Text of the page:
Long,slack, and radical. POLE Bicycles are taking the MTB media by storm – infiltrating social media streams with their supersized geometry. During the Tweedlove International enduro race in the Scottish Borders, we caught up with Leo Kokkonen, the main man behind POLE Bicycles, to find out how he sets up his personal EVOLINK 140.

The POLE EVOLINK 140 features radical geometry, this is head designer Leo Kokkonen’s personal race bike .

The POLE EVOLINK 140

The EVOLINK 140 is POLE’s hard hitting 29er Enduro machine. With a 64.5-degree head angle and a monstrous 1314mm wheelbase in size large, the EVOLINK is truly a “radical” bike. It features 140mm of rear wheel travel and is designed around a 150/160mm fork. The EVOLINK 140 is the result of Leo’s quest to design the fastest and most stable all-rounder in the world.

Leo Kokkonen’s personal bike setup

Leo Kokkonen is the CEO and designer of POLE BICYCLES.
Leo is on a large frame. He is 179cm tall.

Leo’s POLE EVOLINK 140 Suspension Setup

Upfront Leo is running a FOX Factory 36, with 80psi and stock number (1 x 7.6cc) of tokens for his 76kg body weight, however, he has added an additional blue (7.6cc) token for the steeper valley trails. The shock is a FOX X2, tuned specifically for his bike and running 160psi with minimal low-speed compression. Leo will change the low and high-speed compression settings on his shock by a couple clicks depending on the trails he is riding.

Leo runs a FOX Factory 36 fork at 80psi with two blue tokens.
The FOX X2 takes care of the rear travel. Leo runs his at 160psi.

POLE EVOLINK 140 Tyre Pressure and Choice

On the front Leo chooses to run a WTB Vigilante, set at 1.5 Bar (21.7 Psi), but surprisingly he has opted to run a fast rolling Maxxis Minion SS set at 1.7 Bar (24.5 Psi) in the muddy Scottish conditions. However, Leo says he is not picky about tyres because the POLE geometry lets you make the most of any tyre choice/combination, and finishing 11th in his category he was certainly not struggling. Leo is rolling on DRC rims with a 30mm internal width laced to SRAM hubs by 32 bladed spokes and is running Huck Norris puncture prevention system in both wheels.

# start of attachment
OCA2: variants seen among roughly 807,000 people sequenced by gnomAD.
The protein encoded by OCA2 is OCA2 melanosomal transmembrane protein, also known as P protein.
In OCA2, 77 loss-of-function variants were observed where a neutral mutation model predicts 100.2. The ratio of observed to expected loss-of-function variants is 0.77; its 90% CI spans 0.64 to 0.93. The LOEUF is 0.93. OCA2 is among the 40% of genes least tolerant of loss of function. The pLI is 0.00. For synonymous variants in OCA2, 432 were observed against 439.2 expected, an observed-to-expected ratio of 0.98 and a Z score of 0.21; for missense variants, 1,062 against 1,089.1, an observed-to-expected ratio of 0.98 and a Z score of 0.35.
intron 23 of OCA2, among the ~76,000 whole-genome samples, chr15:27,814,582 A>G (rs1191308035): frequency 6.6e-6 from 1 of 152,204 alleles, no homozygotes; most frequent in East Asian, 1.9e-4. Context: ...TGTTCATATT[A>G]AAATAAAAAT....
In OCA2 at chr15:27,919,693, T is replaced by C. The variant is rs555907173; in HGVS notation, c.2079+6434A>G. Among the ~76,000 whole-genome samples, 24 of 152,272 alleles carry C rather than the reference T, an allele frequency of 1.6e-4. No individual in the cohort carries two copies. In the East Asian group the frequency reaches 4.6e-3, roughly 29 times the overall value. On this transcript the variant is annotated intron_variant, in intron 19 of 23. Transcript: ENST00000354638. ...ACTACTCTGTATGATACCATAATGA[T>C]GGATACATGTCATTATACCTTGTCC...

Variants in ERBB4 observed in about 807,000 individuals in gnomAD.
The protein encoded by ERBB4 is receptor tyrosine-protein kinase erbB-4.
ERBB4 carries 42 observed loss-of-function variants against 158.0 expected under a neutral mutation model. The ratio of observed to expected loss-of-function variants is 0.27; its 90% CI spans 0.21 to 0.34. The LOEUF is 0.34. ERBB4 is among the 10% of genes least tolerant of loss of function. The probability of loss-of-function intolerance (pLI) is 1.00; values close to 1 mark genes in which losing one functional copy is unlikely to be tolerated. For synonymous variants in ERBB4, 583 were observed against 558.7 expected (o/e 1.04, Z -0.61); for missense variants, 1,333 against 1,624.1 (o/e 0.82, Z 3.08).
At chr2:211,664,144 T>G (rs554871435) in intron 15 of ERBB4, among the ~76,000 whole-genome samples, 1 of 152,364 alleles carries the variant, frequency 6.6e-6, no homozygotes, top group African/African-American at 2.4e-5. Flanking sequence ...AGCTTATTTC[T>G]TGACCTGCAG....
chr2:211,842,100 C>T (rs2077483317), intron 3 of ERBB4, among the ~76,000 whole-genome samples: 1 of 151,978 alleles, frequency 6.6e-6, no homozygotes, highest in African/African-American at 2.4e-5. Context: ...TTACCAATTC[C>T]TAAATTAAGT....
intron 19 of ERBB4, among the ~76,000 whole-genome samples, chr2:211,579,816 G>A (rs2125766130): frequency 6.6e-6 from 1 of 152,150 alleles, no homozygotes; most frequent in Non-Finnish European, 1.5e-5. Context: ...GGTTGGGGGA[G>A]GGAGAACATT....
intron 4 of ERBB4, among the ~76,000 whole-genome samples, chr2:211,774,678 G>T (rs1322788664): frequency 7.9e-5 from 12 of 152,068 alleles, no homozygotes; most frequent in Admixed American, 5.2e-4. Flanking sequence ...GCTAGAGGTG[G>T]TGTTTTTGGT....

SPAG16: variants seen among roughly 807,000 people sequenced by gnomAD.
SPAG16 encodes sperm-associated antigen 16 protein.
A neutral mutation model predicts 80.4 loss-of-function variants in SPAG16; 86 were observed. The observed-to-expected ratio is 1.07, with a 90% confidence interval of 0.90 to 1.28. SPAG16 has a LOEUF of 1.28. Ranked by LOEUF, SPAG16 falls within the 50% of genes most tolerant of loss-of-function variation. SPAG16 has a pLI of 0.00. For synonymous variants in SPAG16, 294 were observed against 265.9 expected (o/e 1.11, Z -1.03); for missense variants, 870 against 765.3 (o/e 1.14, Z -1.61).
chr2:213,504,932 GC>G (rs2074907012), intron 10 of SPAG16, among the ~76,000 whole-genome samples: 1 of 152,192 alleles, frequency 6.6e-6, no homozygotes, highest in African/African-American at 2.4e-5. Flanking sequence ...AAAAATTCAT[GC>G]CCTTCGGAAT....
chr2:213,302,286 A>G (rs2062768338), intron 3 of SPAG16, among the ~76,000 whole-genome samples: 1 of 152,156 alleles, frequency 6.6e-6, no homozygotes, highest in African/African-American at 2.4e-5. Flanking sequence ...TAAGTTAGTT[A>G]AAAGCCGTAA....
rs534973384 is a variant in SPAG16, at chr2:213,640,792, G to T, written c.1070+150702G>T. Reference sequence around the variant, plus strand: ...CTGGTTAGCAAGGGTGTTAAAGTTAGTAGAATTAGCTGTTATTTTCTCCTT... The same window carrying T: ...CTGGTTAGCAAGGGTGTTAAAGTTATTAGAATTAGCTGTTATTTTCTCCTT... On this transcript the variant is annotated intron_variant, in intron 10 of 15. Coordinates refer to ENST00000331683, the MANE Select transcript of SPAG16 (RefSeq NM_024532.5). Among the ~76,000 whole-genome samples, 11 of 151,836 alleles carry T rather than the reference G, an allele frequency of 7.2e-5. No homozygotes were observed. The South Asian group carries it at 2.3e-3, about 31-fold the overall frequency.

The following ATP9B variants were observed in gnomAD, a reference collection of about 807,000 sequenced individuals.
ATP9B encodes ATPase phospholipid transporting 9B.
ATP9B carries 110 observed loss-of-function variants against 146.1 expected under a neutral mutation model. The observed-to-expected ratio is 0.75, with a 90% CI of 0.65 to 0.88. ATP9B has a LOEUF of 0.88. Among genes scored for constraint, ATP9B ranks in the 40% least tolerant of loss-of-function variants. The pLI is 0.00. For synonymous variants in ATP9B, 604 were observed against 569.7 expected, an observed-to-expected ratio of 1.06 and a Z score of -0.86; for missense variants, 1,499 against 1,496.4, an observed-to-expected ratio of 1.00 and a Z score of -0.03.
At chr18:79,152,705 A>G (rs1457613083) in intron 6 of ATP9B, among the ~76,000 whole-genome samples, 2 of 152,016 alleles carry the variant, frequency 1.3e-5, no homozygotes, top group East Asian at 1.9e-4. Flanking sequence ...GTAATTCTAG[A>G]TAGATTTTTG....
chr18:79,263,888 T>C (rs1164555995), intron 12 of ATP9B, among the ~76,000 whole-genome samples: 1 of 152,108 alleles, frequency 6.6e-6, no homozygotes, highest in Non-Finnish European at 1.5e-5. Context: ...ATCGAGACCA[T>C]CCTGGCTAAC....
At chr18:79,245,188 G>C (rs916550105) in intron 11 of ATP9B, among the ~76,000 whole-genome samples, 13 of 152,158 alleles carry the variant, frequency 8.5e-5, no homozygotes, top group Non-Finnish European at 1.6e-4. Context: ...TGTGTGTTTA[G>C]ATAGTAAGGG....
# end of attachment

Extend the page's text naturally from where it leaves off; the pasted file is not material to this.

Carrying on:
The Maxxis Minion SS is a fast rolling tyre, and an unusual choice for muddy conditions.
Leo is running Italian DRC Bigfoot 29” rims on his EVOLINK 140
The shifting is taken care of by SRAM’s XO 11 speed drivetrain.

POLE EVOLINK 140 Cockpit setup

Leo is running an Easton Havoc bar cut down to 780 mm, blending powerful steering leverage and the ability to keep it pinned through tight trees without worrying about bar strikes. He changes his stack height by 5mm depending on the steepness of the trails he is riding. Leo is running SRAM’s Guide RSC with 200 mm rotors front and back.

Leo chooses SRAM’s Guide RSC anchors for reliable power when hauling the freight.

To make the most of the super low standover of the EVOLINK 140, Leo is running a 150 mm travel FOX Transfer post with an external actuator, for ultimate maneuverability when the trails get steep.

The FOX Transfer dropper post offers 150mm of infinitely adjustable travel.
Leo runs his dropper remote under the left side of the bar.

Leo runs his saddle as far forward as possible, and with the nose pointed down. He says this helps him weight the front wheel on steep climbs and helps to improve his pedaling position. Leo has a Speed Sleev storage pouch under his saddle, which allows him to carry a tube, CO2, a mech hanger, and spoke wrench on the bike. Shifting is taken care of by SRAM, Leo uses an 11-speed SRAM XX shifter and cassette, preferring the sharper shifting and adjustable shifter angle of the XX shifer, while using a XO1 derallieur for longevity.

Leo runs a Easton Havoc carbon bar cut down to 780mm.
Mavic Crossmax XL pedals keep Leo’s feet firmly in place over rough terrain.

We will have a full interview with Leo very soon; if you want to know more about what it’s like to live with a radical geometry bike, you should read part 1 of the #thegeometryaffair where one of our editors has ‘gone long’ for the season.

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Words: Finlay Anderson, Trev Worsey Photos: Trev Worsey